This pattern of overinvestment in exclusionary, predominantly white space and disinvestment or neglect elsewhere is replicated within cities across the country. In her book Segregation by Design, Jessica Trounstine amasses empirical evidence to support her theory that segregation creates a city politics that reproduces inequality — a racial hierarchy of favored and disfavored residents. After local governments deployed land use, slum clearance and other policies to tightly compact Black Americans beginning in the early 20th century, those residents also were denied adequate sewers, roads, garbage collection and public health services. Segregation institutionalized the preferences of white property owners, protecting their property values and giving them exclusive access to high-quality public amenities — a nefarious pattern that continues. Today, business elites bend local government to their will, ensuring that the luxury residential and commercial development they want gets built, regardless of competing community and housing needs.”

“a 2019 Urban Institute study found that majority-white neighborhoods in Chicago received about three times more public and private investment than majority-Black neighborhoods.”

“Chicago had closed 70 public schools over eight years by 2012. Then, in 2013, Mayor Rahm Emanuel closed 50 additional public elementary schools — the largest one-time mass school closure in the country. The Great Cities Institute at the University of Illinois at Chicago found that schools with large numbers of Black students had a higher probability of closure than other schools with comparable test scores, locations and utilization rates.

As school infrastructure evaporated in Black ‘hoods, the city invested in new options elsewhere. An investigative report by a local public radio station in 2016 revealed that new school building expansions after the 2013 closures were “overwhelmingly granted” to specialized schools that serve relatively low percentages of low-income and Black students.”

“The Center for Investigative Reporting released a study in 2018 that analyzed 31 million records revealed by the Home Mortgage Disclosure Act and found a disturbing pattern of denials by banks of Black and Latino applicants for traditional mortgages where white applicants with similar qualifications would be accepted. This modern-day redlining persisted in 61 metro areas, from Atlanta to Detroit, Philadelphia to San Antonio. The greater the number of Black or Latino people in a neighborhood, the more likely a loan application would be denied.”

“A recent study by the Center for Municipal Finance found that cities are taxing owners of low-valued properties at higher rates than they should relative to actual land values, while taxing owners of high-valued properties at lower rates than they should.”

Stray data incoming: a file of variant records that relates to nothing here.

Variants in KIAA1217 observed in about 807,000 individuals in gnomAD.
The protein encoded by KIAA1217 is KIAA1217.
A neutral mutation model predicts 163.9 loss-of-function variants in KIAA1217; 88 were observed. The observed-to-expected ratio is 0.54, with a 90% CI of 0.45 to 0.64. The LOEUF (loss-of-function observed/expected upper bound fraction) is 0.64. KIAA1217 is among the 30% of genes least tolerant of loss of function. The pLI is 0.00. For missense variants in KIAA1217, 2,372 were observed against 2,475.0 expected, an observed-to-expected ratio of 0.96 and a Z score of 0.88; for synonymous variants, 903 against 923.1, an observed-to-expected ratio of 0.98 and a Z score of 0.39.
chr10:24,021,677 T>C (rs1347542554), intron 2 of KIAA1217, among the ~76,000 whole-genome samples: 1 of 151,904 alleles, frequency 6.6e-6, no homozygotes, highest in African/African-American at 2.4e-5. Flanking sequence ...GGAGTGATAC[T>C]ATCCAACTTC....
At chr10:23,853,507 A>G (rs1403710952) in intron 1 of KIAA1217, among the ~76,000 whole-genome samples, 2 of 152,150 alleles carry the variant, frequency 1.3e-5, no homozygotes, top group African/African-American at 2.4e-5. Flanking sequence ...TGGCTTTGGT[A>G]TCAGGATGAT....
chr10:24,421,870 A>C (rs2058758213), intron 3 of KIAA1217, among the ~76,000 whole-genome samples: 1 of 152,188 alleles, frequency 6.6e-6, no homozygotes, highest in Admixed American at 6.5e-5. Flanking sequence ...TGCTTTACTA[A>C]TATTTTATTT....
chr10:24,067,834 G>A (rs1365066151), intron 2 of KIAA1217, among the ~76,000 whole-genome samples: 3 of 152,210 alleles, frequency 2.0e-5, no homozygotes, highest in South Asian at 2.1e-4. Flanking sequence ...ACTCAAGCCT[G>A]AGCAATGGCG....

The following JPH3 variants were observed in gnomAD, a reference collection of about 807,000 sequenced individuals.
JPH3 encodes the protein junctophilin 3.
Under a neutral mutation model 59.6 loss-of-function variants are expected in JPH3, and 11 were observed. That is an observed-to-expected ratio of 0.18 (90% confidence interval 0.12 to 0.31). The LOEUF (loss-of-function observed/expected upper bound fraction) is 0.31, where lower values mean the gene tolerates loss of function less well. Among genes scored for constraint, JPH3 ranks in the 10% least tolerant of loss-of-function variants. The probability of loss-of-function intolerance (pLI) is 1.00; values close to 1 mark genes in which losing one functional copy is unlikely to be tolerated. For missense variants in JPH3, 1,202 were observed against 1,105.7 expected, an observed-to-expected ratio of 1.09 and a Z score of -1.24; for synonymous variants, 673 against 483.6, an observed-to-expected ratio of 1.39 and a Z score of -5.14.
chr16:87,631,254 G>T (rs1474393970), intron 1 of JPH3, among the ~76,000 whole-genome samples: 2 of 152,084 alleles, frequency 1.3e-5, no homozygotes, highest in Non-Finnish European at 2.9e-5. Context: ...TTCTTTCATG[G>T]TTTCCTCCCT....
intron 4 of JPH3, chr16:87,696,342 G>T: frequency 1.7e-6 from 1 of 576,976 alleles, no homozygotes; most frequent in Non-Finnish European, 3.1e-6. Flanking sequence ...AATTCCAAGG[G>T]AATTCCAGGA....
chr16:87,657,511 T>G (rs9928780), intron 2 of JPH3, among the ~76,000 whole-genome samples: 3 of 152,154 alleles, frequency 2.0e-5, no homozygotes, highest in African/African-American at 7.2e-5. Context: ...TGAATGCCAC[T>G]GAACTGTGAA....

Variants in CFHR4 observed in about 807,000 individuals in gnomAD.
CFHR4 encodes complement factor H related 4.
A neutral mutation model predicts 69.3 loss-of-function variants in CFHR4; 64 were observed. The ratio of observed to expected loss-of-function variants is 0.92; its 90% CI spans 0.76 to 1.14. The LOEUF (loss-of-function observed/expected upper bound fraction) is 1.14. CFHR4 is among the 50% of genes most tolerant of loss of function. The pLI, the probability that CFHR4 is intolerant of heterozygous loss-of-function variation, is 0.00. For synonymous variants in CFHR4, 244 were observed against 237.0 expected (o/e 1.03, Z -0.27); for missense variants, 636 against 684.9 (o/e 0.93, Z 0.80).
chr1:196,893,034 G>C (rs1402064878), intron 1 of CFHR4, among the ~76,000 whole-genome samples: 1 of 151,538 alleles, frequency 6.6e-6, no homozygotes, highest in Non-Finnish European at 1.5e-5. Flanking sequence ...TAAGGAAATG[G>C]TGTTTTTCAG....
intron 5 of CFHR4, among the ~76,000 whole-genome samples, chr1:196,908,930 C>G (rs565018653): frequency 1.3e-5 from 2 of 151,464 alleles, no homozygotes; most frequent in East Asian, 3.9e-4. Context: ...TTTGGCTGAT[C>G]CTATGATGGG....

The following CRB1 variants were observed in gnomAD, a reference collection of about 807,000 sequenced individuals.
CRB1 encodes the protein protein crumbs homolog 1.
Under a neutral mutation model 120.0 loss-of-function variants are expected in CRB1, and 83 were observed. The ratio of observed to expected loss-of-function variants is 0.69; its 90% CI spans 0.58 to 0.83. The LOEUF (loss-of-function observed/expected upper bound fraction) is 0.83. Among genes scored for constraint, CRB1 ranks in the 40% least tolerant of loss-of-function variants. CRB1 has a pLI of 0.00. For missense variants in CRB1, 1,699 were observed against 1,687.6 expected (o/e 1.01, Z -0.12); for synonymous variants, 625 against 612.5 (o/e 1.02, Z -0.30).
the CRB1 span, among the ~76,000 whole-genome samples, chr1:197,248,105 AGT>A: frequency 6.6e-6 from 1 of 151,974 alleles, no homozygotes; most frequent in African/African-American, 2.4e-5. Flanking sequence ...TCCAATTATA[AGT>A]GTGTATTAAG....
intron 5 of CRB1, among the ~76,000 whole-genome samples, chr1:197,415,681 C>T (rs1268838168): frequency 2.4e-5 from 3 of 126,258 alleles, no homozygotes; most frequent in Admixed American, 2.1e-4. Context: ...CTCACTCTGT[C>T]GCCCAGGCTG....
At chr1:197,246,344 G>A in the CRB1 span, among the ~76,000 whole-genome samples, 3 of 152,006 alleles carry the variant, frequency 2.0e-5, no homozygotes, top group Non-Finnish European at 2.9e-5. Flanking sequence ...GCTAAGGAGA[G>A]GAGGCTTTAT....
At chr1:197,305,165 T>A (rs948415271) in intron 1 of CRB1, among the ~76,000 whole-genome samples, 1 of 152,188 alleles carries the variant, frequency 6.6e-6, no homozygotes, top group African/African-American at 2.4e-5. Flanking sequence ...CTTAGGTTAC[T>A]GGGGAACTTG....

How The Rise Of White Identity Politics Explains The Fight Over Critical Race Theory

“support for the Republican presidential candidate has steadily grown by 12-to-15 percentage points since 2012 among white Americans who think there’s at least a moderate amount of anti-white discrimination in the U.S.”

“Meanwhile, the reverse is true among white Americans who don’t think there’s much anti-white discrimination: Support for the Republican presidential candidate has steadily dropped. The same pattern holds even after accounting for several factors that are also strongly correlated with presidential vote choice, such as partisanship, ideology and racial resentment.”

“In fact, white grievance politics now explains more than just vote choice. Sides, Vavreck and I found in a 2021 working paper that perceived anti-white discrimination increasingly predicts public opinion of people and policies connected to the former president, like Pence or repealing the Affordable Care Act. We also find that perceived anti-white discrimination is increasingly associated with Americans’ partisan attachments”

“These findings dovetail with the important research of Duke University political scientist Ashley Jardina. Her book, “White Identity Politics,” argues that white racial grievances more strongly influence political beliefs when white people perceive themselves as under threat, which is one reason why Trump was so effective in his many appeals to the cultural, economic and physical threats that they were supposedly facing. And Republican attacks on critical race theory follow the same playbook, framing its teachings as an anti-white “existential threat to the United States.””

Why I’m skeptical of reparations. Sources.

The Color of Law Richard Rothstein. Liveright Publishing Corporation. 2017. The New Deal Didn’t Create Segregation Richard Walker. 6 18 2019. Jacobin. https://jacobinmag.com/2019/06/the-color-of-law-richard-rothstein-review Dr. Florence Maätita – I.D.E.A. Book Club – The Color of Law by Richard Rothstein Dr. Florence Maätita. 2021